Sunday, 8 March 2009

Computer L.O.V.E. pt.4


Well, that’s what Kraftwerk would have us believe. Mind you, that was 1981, and back then people didn’t waste hour-upon-hour staring slack-jawed at a VDU until their eyes popped out on stalks and their fingers cramped up into RSI-locked claws.

Kraftwerk - It’s More Fun To Compute
[buy Kraftwerk: iTunes | Amazon]

No, back then in the brave new world of the early-80’s you’d have to hang around waiting for 2 hours for yr cassette to hit the payload. Imagine all that pent-up youthful anticipation finally unleashed as you got your hands on the controls to help Horace Go Skiing

Yes! Computing was indeed much more fun than sitting round twiddling your thumbs waiting for your game to load. Though some of those epilepsy-inducing visuals you used to get on the telly were often worth the entry money alone.

Here’s another 8-bit hit of ZX Spectrum madness (with thanks to Feline1). This one has some sweet shuffling Casio-tone beats, and an eerie underwater vibrato melody which helps set the scene for the gameplay:
“Pirates have raided the storage depots of the Federation and stolen valuable minerals, jewels, ammunition and the latest battle weaponry. The Cybernoid ship has been depatched with instructions to retrieve the stolen booty and to return it to storage within a specified time limit. The pirates have activated planetary defence systems and the Cybernoid will have to battle with these as well as the pirates themselves in order to retrieve the stolen booty."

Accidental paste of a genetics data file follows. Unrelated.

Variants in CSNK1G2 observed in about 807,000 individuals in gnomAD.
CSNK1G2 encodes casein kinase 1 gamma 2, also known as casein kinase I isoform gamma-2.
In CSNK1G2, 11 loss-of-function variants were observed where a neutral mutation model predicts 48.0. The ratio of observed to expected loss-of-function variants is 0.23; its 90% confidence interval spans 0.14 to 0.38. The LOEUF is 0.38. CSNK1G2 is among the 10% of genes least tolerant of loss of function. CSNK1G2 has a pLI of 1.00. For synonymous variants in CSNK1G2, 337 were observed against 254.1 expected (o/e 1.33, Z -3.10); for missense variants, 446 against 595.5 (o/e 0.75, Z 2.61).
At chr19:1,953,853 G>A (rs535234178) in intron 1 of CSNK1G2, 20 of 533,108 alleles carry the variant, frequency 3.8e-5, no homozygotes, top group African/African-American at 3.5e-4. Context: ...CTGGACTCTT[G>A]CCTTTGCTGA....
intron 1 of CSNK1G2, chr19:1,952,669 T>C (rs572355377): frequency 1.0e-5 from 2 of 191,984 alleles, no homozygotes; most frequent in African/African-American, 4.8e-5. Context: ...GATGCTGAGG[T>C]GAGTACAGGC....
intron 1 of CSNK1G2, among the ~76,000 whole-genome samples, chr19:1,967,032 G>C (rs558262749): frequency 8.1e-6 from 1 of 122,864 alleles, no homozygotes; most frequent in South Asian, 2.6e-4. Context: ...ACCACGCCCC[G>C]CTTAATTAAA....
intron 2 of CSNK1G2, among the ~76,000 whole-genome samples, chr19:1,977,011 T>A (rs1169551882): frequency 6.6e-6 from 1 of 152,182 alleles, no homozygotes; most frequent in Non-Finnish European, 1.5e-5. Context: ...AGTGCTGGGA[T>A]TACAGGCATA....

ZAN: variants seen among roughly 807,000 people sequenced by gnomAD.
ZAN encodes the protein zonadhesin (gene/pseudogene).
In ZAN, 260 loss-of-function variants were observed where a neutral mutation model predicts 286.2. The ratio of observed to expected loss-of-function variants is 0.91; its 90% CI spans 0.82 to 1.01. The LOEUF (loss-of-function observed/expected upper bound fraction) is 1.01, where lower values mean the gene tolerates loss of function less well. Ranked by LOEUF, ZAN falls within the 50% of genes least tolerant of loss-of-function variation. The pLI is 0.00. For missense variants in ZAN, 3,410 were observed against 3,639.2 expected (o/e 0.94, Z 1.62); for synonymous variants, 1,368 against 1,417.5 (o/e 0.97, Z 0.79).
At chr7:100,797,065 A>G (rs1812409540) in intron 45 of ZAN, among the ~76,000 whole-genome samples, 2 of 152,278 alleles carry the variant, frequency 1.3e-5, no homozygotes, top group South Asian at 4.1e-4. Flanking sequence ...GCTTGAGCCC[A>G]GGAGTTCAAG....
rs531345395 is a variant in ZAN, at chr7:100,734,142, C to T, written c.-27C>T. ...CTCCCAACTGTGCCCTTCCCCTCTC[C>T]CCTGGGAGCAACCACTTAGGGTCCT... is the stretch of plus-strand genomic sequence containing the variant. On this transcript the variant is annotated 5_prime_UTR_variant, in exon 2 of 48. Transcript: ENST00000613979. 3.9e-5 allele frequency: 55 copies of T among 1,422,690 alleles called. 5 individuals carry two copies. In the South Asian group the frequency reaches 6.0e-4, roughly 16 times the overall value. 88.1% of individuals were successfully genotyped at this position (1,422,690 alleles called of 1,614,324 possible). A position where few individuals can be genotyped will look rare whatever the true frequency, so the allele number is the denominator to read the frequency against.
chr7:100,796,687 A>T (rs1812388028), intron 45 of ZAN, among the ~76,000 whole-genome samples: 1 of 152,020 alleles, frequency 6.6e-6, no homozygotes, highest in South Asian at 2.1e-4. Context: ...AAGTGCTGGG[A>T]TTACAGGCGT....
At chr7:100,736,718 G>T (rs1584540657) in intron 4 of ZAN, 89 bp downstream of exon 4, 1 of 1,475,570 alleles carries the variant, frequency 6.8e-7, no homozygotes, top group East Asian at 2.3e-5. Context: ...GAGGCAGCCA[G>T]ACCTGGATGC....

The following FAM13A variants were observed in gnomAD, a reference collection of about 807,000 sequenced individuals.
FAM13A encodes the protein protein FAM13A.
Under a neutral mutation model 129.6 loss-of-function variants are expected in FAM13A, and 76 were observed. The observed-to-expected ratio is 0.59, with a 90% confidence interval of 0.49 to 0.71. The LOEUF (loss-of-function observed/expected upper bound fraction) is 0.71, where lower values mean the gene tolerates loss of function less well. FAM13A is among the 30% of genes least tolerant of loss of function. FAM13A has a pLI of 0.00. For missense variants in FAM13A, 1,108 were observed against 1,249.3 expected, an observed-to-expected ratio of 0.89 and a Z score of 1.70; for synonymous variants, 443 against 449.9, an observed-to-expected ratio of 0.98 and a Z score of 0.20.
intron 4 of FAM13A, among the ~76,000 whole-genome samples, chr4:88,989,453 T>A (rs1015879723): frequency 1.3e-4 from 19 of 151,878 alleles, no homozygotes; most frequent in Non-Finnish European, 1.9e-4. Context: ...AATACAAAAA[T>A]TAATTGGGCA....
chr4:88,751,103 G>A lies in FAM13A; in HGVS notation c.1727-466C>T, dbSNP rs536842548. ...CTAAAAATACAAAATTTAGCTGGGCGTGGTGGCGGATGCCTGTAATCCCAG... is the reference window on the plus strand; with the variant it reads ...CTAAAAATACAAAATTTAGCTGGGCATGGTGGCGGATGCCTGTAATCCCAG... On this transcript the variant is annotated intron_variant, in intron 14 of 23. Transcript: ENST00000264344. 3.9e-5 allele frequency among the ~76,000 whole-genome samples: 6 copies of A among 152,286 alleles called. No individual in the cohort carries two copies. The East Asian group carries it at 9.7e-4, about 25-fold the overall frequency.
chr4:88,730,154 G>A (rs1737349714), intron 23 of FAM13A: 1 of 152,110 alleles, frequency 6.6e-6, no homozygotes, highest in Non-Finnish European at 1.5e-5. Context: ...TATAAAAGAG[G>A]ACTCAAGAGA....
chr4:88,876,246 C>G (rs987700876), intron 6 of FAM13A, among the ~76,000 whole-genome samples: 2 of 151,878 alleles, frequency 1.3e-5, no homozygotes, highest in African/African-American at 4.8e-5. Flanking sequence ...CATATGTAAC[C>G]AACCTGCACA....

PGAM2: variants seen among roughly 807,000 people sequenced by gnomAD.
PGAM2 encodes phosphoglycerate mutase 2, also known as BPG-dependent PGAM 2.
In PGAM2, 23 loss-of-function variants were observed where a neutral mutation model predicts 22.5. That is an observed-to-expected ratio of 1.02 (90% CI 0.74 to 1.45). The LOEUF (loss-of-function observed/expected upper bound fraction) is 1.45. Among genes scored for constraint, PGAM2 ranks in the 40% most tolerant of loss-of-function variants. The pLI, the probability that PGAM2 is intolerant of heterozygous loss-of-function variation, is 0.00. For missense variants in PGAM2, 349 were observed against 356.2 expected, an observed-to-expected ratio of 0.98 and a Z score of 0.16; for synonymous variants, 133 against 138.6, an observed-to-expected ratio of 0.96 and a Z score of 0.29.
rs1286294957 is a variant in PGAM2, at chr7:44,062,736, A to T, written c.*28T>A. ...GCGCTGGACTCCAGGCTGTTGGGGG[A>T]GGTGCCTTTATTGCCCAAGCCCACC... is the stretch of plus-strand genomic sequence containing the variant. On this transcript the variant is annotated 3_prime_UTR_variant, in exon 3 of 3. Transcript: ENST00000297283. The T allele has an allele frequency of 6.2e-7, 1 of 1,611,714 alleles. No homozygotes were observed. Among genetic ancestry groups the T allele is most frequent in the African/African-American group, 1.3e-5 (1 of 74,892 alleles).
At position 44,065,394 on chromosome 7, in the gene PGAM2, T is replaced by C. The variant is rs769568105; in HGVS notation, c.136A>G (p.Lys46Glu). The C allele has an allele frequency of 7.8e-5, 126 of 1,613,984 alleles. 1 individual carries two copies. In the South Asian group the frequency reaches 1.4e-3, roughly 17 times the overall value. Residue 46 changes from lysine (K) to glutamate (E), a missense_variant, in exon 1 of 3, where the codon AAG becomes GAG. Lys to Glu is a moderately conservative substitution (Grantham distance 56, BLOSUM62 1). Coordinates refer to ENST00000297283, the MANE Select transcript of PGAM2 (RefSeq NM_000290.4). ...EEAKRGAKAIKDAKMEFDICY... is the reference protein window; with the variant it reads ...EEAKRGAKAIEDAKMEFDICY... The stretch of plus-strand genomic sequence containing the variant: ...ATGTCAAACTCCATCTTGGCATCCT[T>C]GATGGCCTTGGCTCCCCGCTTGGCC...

Dave Rogers - Theme from Cybernoid (ZX Spectrum 128K)

*********GAME OVER*********

Now put your computer to sleep before you get an unhealthy vector addiction.

Q: Do computers dream of pixelated sheep?
A: It depends what sort of mood you put them in when you send them to sleep…

Every night Polnareff sings a sinister lullaby to his computer and sends it off into a wailing 70’s cowbell wonderland.

Michel Polnareff – Computer’s Dream
[buy Polnareff: iTunes | Amazon]

When silence descends Polnareff’s computer opens his camera eye to check the coast is clear.

It is not.

Polnareff’s computer regresses to his happy place, where he sings a simple song to himself:

Daisy, Daisy, give me your answer do…

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